And my pompoms aren’t too shabby either. These hats are knit in Rowan Pure Wool Superwash Worsted.

It’s yarn leftover from one of my favorite Rambling Rows ever.

“And now, for her next trick…” a triple. A triple Boon Island, by Aimee Alexander. First in Ella Rae Classic Solids, Heathers & Marls, but this is marl:

And the next two Boons are in Plymouth Yarns Encore, a 75% acrylic 25% wool workhorse.

 

Boon Island is very versatile. I much like the rough pebbly non-public side, which makes for a good brim for those who favor brim over slouch.

The crown decreases are handsome and well-behaved.

“Tha…tha…that’s all folks!” If you’d enjoy some more doubles, check out here and here and here.

Acorn Hill Pony (& Unicorn) Revisited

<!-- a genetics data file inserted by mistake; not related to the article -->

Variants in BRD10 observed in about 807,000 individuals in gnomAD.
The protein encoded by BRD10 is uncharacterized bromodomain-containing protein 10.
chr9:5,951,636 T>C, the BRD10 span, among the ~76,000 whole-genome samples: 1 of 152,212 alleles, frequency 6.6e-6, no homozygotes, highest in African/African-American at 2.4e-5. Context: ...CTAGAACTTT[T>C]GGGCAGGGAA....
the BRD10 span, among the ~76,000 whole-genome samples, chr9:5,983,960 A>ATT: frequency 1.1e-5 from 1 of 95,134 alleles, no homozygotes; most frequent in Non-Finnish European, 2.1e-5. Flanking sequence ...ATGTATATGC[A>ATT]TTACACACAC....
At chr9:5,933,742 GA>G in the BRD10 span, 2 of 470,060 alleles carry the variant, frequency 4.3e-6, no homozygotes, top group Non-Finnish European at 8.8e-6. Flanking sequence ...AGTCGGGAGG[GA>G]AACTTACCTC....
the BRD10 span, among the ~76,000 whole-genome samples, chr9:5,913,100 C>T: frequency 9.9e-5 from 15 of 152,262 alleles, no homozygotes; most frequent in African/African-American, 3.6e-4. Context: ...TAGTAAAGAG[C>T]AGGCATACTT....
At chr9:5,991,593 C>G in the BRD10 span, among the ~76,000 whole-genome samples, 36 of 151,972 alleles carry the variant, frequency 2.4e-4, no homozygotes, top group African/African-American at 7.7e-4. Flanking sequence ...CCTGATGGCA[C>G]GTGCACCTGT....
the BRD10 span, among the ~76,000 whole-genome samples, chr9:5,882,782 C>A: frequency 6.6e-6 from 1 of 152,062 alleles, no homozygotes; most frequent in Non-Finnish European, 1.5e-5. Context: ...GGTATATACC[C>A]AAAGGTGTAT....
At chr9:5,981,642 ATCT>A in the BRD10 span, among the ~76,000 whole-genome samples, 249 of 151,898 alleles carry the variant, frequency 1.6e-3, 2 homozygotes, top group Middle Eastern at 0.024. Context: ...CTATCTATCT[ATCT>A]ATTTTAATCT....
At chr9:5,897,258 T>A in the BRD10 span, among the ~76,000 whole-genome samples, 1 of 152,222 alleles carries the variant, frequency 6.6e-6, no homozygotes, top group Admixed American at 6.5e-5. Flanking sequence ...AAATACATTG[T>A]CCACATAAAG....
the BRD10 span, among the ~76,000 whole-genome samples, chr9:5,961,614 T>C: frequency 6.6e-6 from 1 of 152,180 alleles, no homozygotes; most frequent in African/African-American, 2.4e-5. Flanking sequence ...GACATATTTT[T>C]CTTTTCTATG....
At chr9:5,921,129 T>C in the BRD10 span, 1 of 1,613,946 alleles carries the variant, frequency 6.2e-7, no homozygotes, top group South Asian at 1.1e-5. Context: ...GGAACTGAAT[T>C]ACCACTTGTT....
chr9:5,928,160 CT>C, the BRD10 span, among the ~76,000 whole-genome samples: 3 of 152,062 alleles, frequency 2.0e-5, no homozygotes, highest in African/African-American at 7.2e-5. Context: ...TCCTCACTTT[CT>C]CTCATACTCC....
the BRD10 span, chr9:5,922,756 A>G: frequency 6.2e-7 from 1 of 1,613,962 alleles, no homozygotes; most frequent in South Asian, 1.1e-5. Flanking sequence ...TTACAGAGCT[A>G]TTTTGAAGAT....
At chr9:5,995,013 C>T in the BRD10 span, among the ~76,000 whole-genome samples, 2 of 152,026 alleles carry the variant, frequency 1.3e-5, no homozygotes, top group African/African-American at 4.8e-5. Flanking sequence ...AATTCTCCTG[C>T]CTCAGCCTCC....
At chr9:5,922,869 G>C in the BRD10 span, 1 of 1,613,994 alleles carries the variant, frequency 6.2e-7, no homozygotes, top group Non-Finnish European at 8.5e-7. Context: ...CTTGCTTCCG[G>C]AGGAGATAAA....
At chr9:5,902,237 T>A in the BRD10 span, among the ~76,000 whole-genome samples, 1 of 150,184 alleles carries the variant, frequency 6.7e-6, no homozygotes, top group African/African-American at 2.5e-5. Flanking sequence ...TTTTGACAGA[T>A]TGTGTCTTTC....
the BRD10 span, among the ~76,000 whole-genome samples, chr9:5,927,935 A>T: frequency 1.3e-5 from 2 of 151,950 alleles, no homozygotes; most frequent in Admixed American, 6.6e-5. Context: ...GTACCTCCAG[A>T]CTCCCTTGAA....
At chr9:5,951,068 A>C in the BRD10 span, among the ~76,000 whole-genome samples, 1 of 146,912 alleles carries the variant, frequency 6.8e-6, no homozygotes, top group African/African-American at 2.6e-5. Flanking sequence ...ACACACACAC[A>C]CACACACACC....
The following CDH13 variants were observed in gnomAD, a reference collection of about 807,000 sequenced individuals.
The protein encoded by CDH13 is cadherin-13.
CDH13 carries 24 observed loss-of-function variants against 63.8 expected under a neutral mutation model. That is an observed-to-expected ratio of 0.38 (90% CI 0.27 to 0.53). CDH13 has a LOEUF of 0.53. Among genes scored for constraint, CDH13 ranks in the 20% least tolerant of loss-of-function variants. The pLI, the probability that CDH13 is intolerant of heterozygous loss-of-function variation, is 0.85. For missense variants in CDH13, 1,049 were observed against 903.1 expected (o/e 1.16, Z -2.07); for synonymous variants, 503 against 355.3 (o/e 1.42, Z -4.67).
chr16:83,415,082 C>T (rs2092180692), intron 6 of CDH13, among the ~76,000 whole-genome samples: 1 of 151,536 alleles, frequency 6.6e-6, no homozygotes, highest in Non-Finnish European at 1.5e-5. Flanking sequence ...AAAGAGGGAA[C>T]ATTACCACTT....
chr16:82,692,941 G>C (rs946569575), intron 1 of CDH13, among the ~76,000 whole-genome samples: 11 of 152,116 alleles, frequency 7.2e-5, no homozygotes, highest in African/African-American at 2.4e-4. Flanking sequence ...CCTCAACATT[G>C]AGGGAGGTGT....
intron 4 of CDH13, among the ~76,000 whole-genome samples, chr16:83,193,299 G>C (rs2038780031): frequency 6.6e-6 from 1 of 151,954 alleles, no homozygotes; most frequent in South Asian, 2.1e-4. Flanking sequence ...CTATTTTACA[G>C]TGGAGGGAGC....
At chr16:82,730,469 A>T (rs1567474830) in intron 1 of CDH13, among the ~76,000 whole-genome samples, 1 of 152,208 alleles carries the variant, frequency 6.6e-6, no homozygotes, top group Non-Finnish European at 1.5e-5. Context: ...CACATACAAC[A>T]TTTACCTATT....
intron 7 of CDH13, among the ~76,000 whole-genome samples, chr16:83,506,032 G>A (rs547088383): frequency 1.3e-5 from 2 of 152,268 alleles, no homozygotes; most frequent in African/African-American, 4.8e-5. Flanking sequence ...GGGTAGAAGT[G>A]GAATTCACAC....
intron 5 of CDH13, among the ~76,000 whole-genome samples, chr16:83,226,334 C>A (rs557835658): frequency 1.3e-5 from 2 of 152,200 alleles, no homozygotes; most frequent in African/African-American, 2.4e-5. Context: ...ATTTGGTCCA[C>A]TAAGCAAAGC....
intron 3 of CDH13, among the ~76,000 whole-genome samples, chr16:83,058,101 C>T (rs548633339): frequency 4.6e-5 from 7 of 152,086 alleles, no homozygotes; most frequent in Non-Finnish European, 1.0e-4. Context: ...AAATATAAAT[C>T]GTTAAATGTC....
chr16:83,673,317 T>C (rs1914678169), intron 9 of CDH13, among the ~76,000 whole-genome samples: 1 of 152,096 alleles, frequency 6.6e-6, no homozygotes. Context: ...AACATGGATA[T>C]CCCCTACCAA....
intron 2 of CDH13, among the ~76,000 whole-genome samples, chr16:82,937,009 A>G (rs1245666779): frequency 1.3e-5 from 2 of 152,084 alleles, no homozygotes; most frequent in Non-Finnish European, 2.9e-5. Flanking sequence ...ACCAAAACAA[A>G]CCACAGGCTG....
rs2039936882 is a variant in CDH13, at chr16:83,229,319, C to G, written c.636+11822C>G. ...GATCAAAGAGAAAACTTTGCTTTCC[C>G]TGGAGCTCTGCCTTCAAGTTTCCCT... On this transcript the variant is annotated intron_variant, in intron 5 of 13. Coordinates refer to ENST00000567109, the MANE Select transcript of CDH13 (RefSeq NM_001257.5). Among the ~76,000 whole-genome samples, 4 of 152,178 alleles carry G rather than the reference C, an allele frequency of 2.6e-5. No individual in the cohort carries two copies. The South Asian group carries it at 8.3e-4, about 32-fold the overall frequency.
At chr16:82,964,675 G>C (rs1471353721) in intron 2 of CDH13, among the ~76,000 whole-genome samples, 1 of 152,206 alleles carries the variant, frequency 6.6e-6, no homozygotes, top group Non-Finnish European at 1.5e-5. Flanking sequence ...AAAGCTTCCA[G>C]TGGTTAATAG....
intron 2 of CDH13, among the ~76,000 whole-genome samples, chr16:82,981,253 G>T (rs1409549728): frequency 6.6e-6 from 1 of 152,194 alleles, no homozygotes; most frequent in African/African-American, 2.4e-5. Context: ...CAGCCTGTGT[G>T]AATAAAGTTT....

This is a Acorn Hill Pony, a Ravelry freebie offered by…by me. My favorite yarn for knitting the pony is Lamb’s Pride Brown Sheep worsted, as in this strong yellow version.

I only take partial credit for the design because I didn’t originally design it. Acorn Hill Pony is originally a pattern attributed to a knitter associated with the Acorn Hill school. It’s a Waldorf kindergarten and nursery in Silver Spring, Maryland. In May of 2017, the school’s administrator, Janet Johnson, gave written permission for me to publish my modified pattern on Ravelry. I modified the pony some and extensively re-wrote the original pattern to conform to the sensibilities of modern knitters.

The school’s generosity is greatly appreciated. Some good came to the school as well because Johnson told me they’d lost the pattern in the intervening years since it came into my hands around 1990.